Contributed by Katie Levy of Adventure-Inspired
This summer, the Pocket Ranger blog featured information around why Maine, also known as “Vacationland,” is worth a visit and why every visit should include a trip to Acadia National Park. Then we covered why hiking one of the park’s scariest trails should also be on your to-do list, if you’re up for the challenge that is. While most of the trails and scenic spots that the oldest national park east of the Mississippi is known for sit on the eastern side of Mount Desert Island, there’s still plenty to see on the western side of the island including St. Sauveur Mountain.
On a trip to Acadia this summer, friends and I spent three days hiking and exploring as much of Mount Desert Island as we could. The first day’s hike took us up Dorr and Cadillac Mountains while we climbed the Beehive and Champlain Mountain on the second day. On the third day, we drove over to the western side of the island to explore a part of the park none of us had seen before.
Getting to the Acadia Mountain Trailhead
Our group spent the weekend at Blackwoods Campground, and to get to the trailhead, we took Route 3 west until it joined route 198, then took Route 102 south to the trailhead parking lot just south of Ikes Point along Echo Lake (44.321759, -68.332956). If you reach Southwest Harbor driving in from the north, you’ve gone too far. Though if you do make it into town, stop at the Quietside Café for ice cream!
Climbing Acadia Mountain
After parking in one of the last available parking spots around 10 a.m., we walked back up Route 102 to the start of the Acadia Mountain Trail. All trails in Acadia are blazed blue, which makes keeping track of your progress easy, and clear wooden signs are placed at every junction we found in the park.
As we started up the mountain, the trail steepened almost immediately, which we discovered was normal for trails up peak in Acadia. The trail wound through dense trees, across flat, exposed granite, and up granite faces with strategically placed steps. We climbed from 200 feet above sea level to the summit at 655 feet in approximately 3/4 miles, reaching the summit for stunning views of the Somes Sound, the Narrows, and Valley Cove.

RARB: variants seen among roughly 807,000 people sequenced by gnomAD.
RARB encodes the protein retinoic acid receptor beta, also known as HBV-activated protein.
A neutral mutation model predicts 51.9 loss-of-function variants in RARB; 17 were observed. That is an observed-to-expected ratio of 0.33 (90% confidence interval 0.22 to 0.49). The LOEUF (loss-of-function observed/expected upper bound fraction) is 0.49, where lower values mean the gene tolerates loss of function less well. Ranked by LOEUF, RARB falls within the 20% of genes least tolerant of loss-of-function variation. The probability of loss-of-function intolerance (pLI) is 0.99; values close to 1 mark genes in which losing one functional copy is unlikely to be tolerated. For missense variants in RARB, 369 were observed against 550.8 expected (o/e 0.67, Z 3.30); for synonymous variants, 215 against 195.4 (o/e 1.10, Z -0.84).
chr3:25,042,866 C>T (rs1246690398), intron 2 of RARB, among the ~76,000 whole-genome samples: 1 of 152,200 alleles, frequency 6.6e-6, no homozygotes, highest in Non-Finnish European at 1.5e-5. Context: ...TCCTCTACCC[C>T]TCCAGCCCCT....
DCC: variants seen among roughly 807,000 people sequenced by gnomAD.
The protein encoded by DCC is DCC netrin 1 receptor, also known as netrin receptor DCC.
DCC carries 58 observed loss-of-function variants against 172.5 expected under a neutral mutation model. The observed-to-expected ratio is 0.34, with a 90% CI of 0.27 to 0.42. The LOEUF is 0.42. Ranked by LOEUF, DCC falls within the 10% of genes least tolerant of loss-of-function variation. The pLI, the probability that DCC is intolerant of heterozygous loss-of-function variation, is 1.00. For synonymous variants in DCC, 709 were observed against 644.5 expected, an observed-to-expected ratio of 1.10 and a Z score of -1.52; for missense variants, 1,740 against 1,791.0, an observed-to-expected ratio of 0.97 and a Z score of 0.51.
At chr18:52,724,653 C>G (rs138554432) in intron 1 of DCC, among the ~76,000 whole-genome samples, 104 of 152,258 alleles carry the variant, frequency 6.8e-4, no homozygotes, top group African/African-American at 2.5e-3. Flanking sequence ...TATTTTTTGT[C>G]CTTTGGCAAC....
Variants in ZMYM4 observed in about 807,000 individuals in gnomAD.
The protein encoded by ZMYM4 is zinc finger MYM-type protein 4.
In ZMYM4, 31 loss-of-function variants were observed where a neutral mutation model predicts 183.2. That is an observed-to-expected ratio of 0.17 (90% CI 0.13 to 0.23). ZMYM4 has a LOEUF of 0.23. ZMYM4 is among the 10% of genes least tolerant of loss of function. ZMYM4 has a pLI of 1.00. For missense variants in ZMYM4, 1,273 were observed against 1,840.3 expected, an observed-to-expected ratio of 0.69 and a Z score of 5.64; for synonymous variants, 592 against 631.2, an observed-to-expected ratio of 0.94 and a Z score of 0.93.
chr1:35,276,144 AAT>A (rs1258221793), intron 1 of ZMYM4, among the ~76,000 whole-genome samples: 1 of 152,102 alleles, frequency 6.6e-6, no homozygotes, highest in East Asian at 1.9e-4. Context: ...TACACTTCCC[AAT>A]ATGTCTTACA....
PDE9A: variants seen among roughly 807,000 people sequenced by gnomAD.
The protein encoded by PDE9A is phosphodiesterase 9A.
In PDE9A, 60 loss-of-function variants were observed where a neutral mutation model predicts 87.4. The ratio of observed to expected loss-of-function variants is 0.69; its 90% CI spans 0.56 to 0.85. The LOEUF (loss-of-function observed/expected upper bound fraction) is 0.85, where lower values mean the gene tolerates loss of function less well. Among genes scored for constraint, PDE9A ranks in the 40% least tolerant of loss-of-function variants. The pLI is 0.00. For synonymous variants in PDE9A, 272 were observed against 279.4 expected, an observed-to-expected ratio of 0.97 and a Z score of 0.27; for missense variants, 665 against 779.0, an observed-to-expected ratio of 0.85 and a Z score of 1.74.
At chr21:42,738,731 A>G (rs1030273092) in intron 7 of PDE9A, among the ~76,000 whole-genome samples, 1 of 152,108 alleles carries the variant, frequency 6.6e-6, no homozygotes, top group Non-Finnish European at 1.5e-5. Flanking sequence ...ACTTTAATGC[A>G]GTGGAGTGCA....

Once you’re at the top, the trail down the eastern side of Acadia mountain drops all the way to sea level in a 1/2 mile; it’s quite steep, and I found myself sitting down to lower my body over rocks along parts of the route. But views of the Somes Sound the entire way down made it well worth the trip.
Climbing St. Sauveur Mountain
At that point, hikers have the option of heading back to the Acadia Mountain trailhead via a service road or picking up the Valley Peak Trail to extend the trip to the top of St. Sauveur Mountain, which is what we did. After dropping all the way down to sea level on the Acadia Mountain Trail, our group had to climb back up over 500 vertical feet along the Valley Peak Trail to reach the top of St. Sauveur Mountain.
Though the mountain’s summit doesn’t offer views to hikers, the entire Valley Peak Trail traverses cliff edges with beautiful views of the Somes Sound. After climbing through thick forest, exposed granite made up most of the rest of the trail to the top. We followed the much tamer, flatter St. Sauveur Mountain Trail back down over rock, beds of pine needles, and through dense stands of trees. The Valley Peak Trail joins the Acadia Mountain Trail after a little more than a mile, bringing hikers back down to Route 103 and the parking lot. Take a look at our entire route and timeline here.
Things to Know Before You Go
Bring some seriously sturdy hiking shoes with good traction. The trails in this article along with the majority of others we took on our trip to Acadia are steep, rocky, and without good traction, you’ll be in trouble quickly without reliable boots. Reconsider taking any of these trails in wet weather as they’ll be slippery. The parking lot at the base of the trail was full at 10 a.m., and we visited well after the high season. Make sure you arrive early, and investigate taking the free Island Explorer bus around Mount Desert Island as much as possible.
Have you been to Acadia National Park? Have you climbed Acadia Mountain or St. Sauveur Mountain? We’d love to hear from you!